Last year, a pinnacle. This year, a launching pad.
For three years out of every four, the World Sledge Hockey Challenge serves as a de facto world championship.
Not this year.
Not with 2014 Paralympic Winter Games in Sochi, Russia, just around the corner.
This year the weeklong Sledge Hockey Challenge, which gets under way Dec. 1 in Toronto, will serve as a Paralympics tune-up for the U.S. Paralympic Sled Hockey Team, which captured last year's Challenge title in Calgary, and will defend its 2010 Paralympic gold medal in Sochi.
“We don't need to be the best team in the world this weekend,” U.S. coach Jeff Sauer said. “But we want to be the best team in the world [in Sochi], and that's what we're building on, starting this week.”
Team USA will join sled squads from Canada, Russia, and Korea in preliminary round play at the MasterCard Centre, with the semifinals to be held Dec. 5. The championship game will then be Dec. 7 at 5 p.m. EST.
The World Sledge Hockey Challenge will be Team USA's first competition since the selection camp in July, and after four months of pounding on each other, the opportunity to vie against players other than themselves is a welcome one.
“The big thing,” said Sauer, “is to send a message that we're ready to go. Winning and losing is always important. There are a lot of things on the line.”
Solidifying the final roster is among the items at stake. Sauer and his staff must make a cut from the current 18-man roster by Jan. 1, 2014. That is easier said that done given the Americans’ talented roster that includes seven veterans from the 2010 Paralympic gold-medal team. Among those returning is defenseman Andy Yohe, a two-time Paralympian who came out retirement and has since been named team captain for the second consecutive Winter Games.
The competition from within the U.S. squad is as spirited as it is from outside, Sauer said.
“We've got the best depth that we've ever had in our program,” he said. “We've got people competing for positions. I know some of the other countries don't have the depth that we have. But that depth and experience has to perform. The chemistry is very important. It always is. But we're very pleased with that as well.”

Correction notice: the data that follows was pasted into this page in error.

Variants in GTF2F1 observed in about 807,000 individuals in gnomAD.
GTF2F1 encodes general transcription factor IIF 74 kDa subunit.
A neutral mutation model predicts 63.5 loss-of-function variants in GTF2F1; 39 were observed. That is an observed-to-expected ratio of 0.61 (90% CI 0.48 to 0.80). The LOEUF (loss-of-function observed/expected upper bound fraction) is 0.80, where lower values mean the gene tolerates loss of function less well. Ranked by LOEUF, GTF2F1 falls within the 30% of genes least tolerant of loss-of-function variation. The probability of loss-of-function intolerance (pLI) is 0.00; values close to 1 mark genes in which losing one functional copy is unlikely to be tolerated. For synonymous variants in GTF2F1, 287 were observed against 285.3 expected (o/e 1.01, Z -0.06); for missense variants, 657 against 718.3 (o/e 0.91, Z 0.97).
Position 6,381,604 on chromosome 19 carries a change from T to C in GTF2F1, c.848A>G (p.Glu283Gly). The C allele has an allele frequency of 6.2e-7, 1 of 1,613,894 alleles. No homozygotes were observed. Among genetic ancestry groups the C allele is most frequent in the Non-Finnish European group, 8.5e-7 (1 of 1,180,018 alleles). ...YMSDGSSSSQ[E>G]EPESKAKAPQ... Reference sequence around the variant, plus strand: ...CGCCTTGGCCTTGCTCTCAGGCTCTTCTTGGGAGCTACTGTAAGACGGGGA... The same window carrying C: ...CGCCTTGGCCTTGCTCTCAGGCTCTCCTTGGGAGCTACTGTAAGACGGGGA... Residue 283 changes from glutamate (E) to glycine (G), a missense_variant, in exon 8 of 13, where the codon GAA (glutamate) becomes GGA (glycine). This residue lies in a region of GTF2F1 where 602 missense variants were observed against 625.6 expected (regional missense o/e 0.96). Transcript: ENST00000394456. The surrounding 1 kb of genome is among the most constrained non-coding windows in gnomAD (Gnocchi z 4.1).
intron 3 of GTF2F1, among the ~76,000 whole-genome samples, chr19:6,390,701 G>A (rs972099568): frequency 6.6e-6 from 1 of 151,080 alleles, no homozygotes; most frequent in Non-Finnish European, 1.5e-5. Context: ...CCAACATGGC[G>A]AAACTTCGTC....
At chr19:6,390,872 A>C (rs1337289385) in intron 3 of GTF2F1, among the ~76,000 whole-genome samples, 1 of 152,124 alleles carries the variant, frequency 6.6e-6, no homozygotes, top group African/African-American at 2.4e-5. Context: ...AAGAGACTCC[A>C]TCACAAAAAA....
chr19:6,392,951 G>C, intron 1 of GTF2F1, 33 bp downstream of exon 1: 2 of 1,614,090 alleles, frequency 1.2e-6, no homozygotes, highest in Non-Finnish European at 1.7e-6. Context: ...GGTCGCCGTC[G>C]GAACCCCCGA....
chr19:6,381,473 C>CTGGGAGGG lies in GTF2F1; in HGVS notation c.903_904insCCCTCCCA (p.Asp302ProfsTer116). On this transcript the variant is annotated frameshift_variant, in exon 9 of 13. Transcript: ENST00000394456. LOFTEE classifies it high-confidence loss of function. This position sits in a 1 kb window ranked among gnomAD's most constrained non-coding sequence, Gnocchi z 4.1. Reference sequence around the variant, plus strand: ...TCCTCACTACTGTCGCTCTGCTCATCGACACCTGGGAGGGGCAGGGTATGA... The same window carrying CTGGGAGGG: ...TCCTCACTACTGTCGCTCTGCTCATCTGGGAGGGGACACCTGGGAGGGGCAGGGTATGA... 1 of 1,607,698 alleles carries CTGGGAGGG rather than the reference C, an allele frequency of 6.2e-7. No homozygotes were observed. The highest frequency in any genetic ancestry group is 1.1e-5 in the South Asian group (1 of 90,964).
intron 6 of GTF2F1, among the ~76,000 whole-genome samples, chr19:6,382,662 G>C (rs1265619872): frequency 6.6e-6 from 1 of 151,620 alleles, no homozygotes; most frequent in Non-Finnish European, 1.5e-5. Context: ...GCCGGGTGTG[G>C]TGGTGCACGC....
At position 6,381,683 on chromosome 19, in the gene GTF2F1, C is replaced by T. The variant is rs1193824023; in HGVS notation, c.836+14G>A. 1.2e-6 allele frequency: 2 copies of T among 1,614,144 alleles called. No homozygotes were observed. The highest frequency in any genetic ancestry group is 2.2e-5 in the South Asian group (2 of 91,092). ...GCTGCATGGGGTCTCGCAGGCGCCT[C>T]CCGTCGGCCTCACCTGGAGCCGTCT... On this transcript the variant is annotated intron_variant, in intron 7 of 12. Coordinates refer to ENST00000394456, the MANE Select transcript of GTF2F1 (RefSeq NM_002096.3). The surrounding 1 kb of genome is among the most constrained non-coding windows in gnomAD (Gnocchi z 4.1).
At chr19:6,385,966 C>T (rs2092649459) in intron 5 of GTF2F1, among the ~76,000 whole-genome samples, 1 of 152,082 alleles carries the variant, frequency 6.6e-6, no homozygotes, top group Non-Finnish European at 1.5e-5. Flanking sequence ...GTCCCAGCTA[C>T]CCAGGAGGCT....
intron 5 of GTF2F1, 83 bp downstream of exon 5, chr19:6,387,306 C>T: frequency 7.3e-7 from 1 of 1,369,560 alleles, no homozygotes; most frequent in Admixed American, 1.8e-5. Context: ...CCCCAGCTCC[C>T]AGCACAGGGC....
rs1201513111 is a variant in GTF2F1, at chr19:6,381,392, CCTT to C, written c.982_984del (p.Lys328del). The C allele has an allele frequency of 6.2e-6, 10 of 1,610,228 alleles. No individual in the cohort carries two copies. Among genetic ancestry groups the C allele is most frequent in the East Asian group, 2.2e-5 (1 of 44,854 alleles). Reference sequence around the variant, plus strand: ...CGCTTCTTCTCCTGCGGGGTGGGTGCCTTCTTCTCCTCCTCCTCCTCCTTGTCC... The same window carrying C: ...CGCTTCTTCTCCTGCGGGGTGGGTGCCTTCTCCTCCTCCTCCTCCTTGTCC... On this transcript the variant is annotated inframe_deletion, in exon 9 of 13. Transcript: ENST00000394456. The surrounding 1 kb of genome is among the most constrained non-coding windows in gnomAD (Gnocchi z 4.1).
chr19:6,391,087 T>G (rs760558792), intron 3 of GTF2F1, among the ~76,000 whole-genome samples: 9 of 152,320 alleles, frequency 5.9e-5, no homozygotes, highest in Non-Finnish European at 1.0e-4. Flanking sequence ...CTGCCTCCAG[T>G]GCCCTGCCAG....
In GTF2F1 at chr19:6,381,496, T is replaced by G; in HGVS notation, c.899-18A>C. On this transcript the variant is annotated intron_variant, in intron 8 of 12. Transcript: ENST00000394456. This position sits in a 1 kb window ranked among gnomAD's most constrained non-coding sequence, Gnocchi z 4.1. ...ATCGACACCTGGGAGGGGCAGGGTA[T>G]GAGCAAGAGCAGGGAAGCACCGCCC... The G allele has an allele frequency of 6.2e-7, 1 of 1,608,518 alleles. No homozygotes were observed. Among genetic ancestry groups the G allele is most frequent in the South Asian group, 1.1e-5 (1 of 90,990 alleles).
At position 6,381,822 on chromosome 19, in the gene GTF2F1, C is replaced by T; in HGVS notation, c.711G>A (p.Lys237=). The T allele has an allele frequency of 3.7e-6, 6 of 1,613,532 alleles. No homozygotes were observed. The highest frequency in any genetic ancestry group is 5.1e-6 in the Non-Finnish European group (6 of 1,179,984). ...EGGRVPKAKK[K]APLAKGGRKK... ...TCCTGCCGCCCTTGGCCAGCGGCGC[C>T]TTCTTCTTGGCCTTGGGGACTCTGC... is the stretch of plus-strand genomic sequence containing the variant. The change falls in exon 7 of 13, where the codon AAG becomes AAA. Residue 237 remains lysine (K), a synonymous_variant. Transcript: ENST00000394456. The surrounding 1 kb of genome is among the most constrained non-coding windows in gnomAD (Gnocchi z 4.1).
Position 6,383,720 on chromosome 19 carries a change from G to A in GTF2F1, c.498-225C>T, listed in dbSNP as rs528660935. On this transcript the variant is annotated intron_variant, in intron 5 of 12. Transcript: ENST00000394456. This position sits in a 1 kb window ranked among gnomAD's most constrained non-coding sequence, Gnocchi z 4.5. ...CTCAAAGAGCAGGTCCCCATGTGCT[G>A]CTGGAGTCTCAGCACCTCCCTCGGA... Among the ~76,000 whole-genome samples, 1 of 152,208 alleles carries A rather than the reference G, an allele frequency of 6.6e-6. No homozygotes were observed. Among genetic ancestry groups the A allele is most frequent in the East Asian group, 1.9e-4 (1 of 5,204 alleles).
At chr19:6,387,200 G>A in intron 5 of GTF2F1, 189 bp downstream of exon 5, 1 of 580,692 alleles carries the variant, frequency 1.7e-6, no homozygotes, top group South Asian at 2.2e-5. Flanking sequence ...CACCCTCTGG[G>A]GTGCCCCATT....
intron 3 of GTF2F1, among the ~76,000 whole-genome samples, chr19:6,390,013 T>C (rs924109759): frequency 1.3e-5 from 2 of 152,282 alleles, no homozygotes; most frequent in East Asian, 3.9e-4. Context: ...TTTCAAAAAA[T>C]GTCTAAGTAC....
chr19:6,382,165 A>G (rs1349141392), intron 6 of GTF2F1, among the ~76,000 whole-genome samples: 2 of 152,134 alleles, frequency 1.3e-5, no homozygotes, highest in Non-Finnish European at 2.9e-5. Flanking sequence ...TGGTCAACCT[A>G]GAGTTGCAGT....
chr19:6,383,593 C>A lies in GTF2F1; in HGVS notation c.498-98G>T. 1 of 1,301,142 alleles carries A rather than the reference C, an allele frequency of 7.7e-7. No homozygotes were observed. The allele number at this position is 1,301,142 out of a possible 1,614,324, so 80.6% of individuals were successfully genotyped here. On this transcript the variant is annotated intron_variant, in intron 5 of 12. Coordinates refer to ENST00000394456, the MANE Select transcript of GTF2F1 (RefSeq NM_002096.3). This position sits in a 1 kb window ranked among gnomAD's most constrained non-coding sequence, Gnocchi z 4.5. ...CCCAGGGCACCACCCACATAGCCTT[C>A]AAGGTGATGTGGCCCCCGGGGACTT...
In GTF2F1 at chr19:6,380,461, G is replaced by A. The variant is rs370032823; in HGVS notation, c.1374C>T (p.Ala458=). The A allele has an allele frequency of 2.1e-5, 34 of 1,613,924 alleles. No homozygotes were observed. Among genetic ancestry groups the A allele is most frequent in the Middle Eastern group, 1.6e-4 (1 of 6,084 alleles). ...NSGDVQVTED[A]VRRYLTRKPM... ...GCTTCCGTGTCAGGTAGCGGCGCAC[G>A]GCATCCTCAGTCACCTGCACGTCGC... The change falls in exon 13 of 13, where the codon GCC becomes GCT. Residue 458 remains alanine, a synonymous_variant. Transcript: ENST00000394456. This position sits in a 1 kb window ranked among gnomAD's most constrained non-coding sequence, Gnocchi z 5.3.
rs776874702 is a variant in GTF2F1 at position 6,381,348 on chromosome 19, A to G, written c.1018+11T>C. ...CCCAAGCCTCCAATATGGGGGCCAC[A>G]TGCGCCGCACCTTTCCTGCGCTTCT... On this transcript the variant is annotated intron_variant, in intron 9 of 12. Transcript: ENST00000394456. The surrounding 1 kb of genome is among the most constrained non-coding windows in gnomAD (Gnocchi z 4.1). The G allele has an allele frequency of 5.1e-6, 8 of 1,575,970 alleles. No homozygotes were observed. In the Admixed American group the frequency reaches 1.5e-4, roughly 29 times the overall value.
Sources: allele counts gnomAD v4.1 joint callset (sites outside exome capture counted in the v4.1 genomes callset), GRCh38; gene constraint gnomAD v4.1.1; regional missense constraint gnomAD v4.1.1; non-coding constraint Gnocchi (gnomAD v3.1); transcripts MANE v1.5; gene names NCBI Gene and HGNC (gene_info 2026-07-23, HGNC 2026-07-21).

Sauer said that while his team will have to focus on its own strengths during the Sledge Hockey Challenge, it would be foolish to take the other contenders lightly.
“I'm concerned about Russia because they are the host country, and they've come a long way in a short time,” he said. “I'm looking forward to seeing just how far they have come. We'll know a lot more Sunday afternoon after we play them.”
The Dec. 4 matchup with Canada will likely be the strongest test of the tournament. Sauer said it could be a litmus test of sorts.
“I'm not going to do anything special against them,” he said. “You get more from an information standpoint, and not so much by cueing in on making sure we win the games. I want to find out who matches up against who, who our better players are against some of their guys.
“Those types of things are not only a learning situation for the players, but for the coaching staff in preparation for the actual [Paralympic] games. When the medal is on the line.”
Story from Red Line Editorial, Inc.
|Dec. 1||Russia||W, 2-1|
|Dec. 2||Korea||W, 5-0|
|Dec. 4||Canada||L, 1-4|
Aug. 25, 2016 | Body-checking is a skill, not unlike skating, shooting and stickhandling, and it’s a critical skill to teach. Rhode Island Hockey recently gave it special emphasis with a free on-ice checking clinic open to all players in the 12U, 14U and 16U age classifications. Hosted at Schneider Arena with help from Providence College men’s hockey head coach Nate Leaman and Roger Grillo from USA Hockey, the two-hour clinic welcomed more than 100 players for station-based instruction in the fine art of giving and receiving a body check properly.
“Body contact is sometimes an under-taught skill, but there’s so much value in teaching it, both in terms of helping young players become more successful and also in terms of injury prevention,” said Grillo. “It was great to team up with the Rhode Island coaches and offer a learning opportunity that’ll pay dividends for these kids throughout their hockey careers.”
The event was so successful that Rhode Island Hockey will host a second session Sept. 8 at Boss Ice Arena on the University of Rhode Island campus in Kingston. Led by Kevin Sullivan, Rhode Island Hockey’s American Development Model director, the clinic will likely become an annual offering to enhance players’ skill and contact confidence, especially for 13-year-olds progressing into their first season of 14U hockey.
“The initial idea came from a parent asking if we offer any checking-specific training for players transitioning from 12U to 14U,” said Bob Larence, president of Rhode Island Hockey.
There’s a component of body-contact training that happens at every level, from cross-ice 8U to small-area battle drills for older players, but the idea of a body checking-specific teaching event for tweens and teens seemed a beneficial complement to that team-level training, so Rhody ran with it.
“We all thought it was a great idea, and ultimately, it became a great collaboration with Rhode Island Hockey, USA Hockey and the local colleges – Providence, URI and Brown,” said Larence.